• Security Software Discovery – T1063
  • Remote Services – T1021
  • Commonly Used Port – T1043
  • Standard Application Layer Protocol – T1071
  • Data Encrypted for Impact – T1486

Read more here.

Microsoft Warns of Android Ransomware That Activates When You Press the Home Button

AndroidOS/MalLocker.B is a new strain of ransomware that abuses the processes behind the “incoming call” notification and “Home button” on victim devices. Once installed, MalLocker.b overrides the victim’s screen and only allows them to view one page, a ransom note designed to look like a message from local law enforcement. The message states the victim has committed a crime, and that a fee has to be paid. Similarly to other Android ransomware, MalLocker.B does not encrypt the phone’s files but prevents access to all phone functionalities. 

According to ZDNet, MalLocker.B has implemented novel variations of the typical Android Ransomware tactics, utilizing a two-part mechanism to display their ransomware notes. 

The first part abuses the “call” notification. This is the function that activates for incoming calls to show details about the caller, and MalLocker.B uses it to show a window that covers the entire area of the screen with details about the incoming call.”

“The second part abuses the “onUserLeaveHint()” function. This function is called when users want to push an app into the background and switch to a new app, and it triggers when pressing buttons like Home or Recents. MalLocker.B abuses this function to bring its ransom note back into the foreground and prevent the user from leaving the ransom note for the home screen or another app.”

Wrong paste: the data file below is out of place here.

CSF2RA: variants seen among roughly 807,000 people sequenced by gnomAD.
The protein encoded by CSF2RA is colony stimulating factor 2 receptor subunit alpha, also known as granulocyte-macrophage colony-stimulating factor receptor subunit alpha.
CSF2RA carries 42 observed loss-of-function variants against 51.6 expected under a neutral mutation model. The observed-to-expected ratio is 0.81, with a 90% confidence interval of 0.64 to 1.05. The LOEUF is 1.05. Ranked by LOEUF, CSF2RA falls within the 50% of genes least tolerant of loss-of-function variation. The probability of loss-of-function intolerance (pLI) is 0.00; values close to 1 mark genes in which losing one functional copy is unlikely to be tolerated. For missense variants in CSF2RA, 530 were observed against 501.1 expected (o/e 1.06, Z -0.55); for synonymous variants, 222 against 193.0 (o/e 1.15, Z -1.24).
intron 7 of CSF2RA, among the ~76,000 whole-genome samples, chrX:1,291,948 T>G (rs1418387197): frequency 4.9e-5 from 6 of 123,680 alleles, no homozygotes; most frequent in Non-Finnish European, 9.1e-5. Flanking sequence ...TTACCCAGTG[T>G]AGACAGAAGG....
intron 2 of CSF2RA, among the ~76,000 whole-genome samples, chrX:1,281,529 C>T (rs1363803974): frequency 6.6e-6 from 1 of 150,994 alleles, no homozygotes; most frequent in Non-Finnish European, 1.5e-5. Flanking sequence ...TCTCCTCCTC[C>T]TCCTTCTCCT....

MalLocker.B contains code that typically would not get past Play Store code reviews, so it is recommended to not download Android-apps from third party locations to reduce potential ransomware attacks.

Read more here.  

Hp Device Manager Backdoor Lets Attackers Take Over Windows Systems

HP has released a security advisory highlighting three critical and high severity vulnerabilities in the HP Device Manager application that can be utilized by attackers to obtain system takeover. The Security Vulnerabilities discovered by Nicky Bloor (@nickstadb) state that attackers can remotely gain SYSTEM privileges on vulnerable workstations running HP device Manager. 

According to BleepingComputer, the three HP Device Manager Security vulnerabilities include CVE-2020-6925, CVE-2020-6926, and CVE-2020-6927. 

CVE-2020-6925 affects all versions of HP Device Manager and it exposes locally HP Device Manager managed accounts to dictionary attacks because of weak cipher implementation (does not impact customers who use Active Directory authenticated accounts.)

CVE-2020-6926 is a remote method invocation flaw in all versions of HP Device Manager which enables remote attackers to gain unauthorized access to resources.

CVE-2020-6927 is the weakness that may allow attackers to gain SYSTEM privileges via a backdoor database user in the PostgreSQL database (the password used is just a space.)

HP has provided an updated client 5.0.4, which mitigates the vulnerability under CVE-2020-6927, which allows privilege escalation opportunities. However, security updates have not been provided for the other two HP Device Manager vulnerabilities. 

Potential Mitigations that system administrators can take can be found here

Read more here.